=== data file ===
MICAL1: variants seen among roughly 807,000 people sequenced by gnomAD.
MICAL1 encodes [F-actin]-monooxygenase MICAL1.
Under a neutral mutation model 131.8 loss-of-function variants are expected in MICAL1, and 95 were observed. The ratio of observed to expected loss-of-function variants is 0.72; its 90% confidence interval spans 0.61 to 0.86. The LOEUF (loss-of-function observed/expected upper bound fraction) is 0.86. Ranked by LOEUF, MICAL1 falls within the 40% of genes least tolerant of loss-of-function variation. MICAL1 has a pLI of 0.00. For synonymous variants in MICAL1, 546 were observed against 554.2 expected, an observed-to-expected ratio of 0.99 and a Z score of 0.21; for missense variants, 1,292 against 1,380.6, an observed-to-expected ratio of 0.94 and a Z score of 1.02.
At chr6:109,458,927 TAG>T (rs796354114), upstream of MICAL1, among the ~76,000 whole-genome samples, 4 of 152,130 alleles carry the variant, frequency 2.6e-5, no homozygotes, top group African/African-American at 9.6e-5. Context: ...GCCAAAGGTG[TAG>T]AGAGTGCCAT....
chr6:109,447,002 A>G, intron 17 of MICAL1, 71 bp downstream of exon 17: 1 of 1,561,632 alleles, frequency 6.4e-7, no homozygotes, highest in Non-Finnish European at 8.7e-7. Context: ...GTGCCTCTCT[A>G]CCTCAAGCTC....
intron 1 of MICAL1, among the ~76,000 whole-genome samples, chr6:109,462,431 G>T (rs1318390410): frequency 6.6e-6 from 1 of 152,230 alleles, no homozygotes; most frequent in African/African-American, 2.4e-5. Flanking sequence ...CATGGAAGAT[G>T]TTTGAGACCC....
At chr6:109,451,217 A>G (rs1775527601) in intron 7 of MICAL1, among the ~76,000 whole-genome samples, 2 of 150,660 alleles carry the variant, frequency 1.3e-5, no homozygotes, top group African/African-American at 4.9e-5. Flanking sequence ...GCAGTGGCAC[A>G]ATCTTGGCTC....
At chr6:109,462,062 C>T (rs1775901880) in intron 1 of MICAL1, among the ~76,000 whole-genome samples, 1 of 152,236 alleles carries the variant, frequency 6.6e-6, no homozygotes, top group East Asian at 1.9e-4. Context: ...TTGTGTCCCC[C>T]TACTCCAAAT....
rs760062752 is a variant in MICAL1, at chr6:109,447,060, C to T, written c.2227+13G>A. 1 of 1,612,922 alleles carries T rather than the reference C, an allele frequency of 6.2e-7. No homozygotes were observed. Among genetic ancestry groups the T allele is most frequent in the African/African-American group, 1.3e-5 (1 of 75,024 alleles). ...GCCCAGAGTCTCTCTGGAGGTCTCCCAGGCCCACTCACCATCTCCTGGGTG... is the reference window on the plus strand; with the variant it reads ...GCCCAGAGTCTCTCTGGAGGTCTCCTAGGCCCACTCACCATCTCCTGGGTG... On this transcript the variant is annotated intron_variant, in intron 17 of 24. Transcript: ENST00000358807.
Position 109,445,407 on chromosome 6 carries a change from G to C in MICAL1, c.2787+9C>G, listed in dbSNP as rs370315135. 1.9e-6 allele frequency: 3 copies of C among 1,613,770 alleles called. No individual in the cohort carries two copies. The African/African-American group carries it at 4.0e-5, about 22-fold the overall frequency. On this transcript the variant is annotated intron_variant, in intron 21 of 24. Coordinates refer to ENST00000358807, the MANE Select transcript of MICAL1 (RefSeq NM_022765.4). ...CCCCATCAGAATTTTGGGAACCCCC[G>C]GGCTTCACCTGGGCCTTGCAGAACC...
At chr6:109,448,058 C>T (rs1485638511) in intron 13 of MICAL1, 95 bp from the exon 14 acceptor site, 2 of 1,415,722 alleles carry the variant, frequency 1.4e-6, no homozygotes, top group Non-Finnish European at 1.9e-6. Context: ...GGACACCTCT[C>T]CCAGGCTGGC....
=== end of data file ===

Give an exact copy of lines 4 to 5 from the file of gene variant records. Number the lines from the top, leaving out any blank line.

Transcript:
At chr6:109,458,927 TAG>T (rs796354114), upstream of MICAL1, among the ~76,000 whole-genome samples, 4 of 152,130 alleles carry the variant, frequency 2.6e-5, no homozygotes, top group African/African-American at 9.6e-5. Context: ...GCCAAAGGTG[TAG>T]AGAGTGCCAT....
chr6:109,447,002 A>G, intron 17 of MICAL1, 71 bp downstream of exon 17: 1 of 1,561,632 alleles, frequency 6.4e-7, no homozygotes, highest in Non-Finnish European at 8.7e-7. Context: ...GTGCCTCTCT[A>G]CCTCAAGCTC....